Sunday, May 27, 2007
By Jim Kleinpeter
BATON ROUGE — LSU football coaching searches have nothing on finding a live Bengal tiger mascot.
The field narrows itself down rather quickly for the football coaches. Finding Mike VI, a replacement for recently deceased Mike V, is a wide-open search.
Dr. David Baker, director of laboratory animal medicine at the LSU School of Veterinary Medicine, and the mascot’s chief caretaker, will conduct the search as authorized by LSU President Williams Jenkins and Chancellor Sean O’Keefe. Baker said the journey could take LSU “anywhere there’s an airport.”
LSU isn’t quite ready to send a plane for Mike VI. Baker still is in the midst of formulating the criteria and the search plan, juggling that among his numerous everyday duties. But the process will be as detailed and cautious as any coaching search.
As in a football coach, a good mascot entails the right fit, and that means looking for the right personality.
“These animals are very difficult to work with, very difficult to care for, because you can’t just take them out of their enclosure and examine them,” Baker said at the press conference to announce Mike V’s death. “The better the personality, the easier it is to provide excellent care.
“One of the reasons we were able to provide such good care for Mike V was that he did have such an excellent personality. He had been hand-raised here.”
Mike V arrived as a 4-month-old cub in 1990, but Baker said the search could net a cub or an adolescent tiger.
There should be plenty available, and LSU might not have to go far to find one, said Joe Forys, assistant curator of mammals for the Audubon Zoo. Forys said though Bengal tigers are an endangered species (he estimates approximately 4,000 remain in the wild) there are between 10,000 and 15,000 tigers in captivity in the United States.
Forys said because of its liberal laws concerning exotic animal trade, Texas is a likely source.
“It’s probably not going to be very hard to find one,” Forys said. “You can go to just about any big city in Texas, and if they aren’t in the paper you can look online in classifieds and find big cats and various kinds of hoof stock for sale.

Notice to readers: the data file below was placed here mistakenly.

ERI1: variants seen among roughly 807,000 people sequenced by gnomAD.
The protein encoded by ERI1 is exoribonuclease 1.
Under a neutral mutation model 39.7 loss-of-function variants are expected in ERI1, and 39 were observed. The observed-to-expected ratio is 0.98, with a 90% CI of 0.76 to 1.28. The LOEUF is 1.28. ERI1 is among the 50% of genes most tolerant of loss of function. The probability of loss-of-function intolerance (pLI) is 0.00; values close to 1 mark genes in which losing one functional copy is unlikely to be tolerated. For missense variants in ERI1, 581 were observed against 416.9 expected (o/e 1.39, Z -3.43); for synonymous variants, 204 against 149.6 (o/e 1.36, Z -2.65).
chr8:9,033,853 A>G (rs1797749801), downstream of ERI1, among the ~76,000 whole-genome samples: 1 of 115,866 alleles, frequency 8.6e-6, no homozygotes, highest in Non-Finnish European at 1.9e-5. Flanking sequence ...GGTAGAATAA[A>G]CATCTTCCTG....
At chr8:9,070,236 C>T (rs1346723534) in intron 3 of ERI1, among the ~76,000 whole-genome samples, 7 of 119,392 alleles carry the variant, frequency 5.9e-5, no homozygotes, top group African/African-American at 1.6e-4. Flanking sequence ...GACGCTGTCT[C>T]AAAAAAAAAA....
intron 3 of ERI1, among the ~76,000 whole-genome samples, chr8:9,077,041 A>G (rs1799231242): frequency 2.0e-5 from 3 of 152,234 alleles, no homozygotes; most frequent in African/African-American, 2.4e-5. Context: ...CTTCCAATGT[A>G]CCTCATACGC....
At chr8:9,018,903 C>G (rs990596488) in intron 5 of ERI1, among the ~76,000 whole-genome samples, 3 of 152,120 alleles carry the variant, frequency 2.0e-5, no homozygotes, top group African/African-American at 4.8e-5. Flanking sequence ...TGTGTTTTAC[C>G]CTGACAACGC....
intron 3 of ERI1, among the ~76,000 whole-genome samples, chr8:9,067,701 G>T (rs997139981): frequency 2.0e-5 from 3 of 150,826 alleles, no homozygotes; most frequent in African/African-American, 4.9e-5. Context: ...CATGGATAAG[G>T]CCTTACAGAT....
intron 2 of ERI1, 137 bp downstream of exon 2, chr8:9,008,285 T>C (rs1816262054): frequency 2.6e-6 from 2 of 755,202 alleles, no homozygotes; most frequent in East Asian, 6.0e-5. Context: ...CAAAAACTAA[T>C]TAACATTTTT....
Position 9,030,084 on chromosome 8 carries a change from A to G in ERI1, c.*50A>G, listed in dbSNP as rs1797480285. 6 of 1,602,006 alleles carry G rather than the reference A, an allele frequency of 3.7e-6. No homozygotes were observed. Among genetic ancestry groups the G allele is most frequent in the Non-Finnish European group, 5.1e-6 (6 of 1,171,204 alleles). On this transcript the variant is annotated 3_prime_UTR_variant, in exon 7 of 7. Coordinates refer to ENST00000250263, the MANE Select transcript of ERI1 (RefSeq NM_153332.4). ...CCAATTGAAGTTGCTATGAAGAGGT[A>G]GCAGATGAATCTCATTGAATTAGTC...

“They are continuously bred because there is a market. Tiger cubs can go anywhere from $1,500 to $5-$10,000 apiece, depending on if they were orange or white tigers.”
Ginger Guttner, LSU Veterinary School public relations coordinator, said the school is seeking a donor rather than an animal for purchase.
Baker has been unavailable for media interviews because of his workload, but he released some details of the search process through the vet school public relations office.
Guttner said Baker’s first step is to determine the criteria of the animal, including age, characteristics and personality. Guttner said Baker wants one that is “inquisitive and playful.”
The next step is to sort through the numerous calls and e-mails bearing offers and suggestions and pursue any credible leads. If no suitable candidates can be located, the search will shift to Baker’s list of zoos.
Guttner said Baker will first look at pictures and check the lineage, medical history, size, temperament, personality and information on the cat’s handlers.
Baker hopes to narrow the choices to from one to three candidates, then personally visit each one before making the final selection.
Forys said the source will probably be a private owner or a non-accredited facility.
“I don’t know that they will be able to get one from a zoo,” he said. “Zoos deal pretty much with only (accredited) zoos. If we had tigers, (by policy) we could not and would not give one to LSU.”
LSU’s mascot costs about $15,000 per year to maintain, money provided by the athletic department, Guttner said. Two veterinary school students are assigned to him in two-year internships. The Tiger Athletic Foundation is responsible for maintenance of the $3 million, 15,000-square-foot habitat.
Jim Kleinpeter can be reached at firstname.lastname@example.org or (504) 826-3405.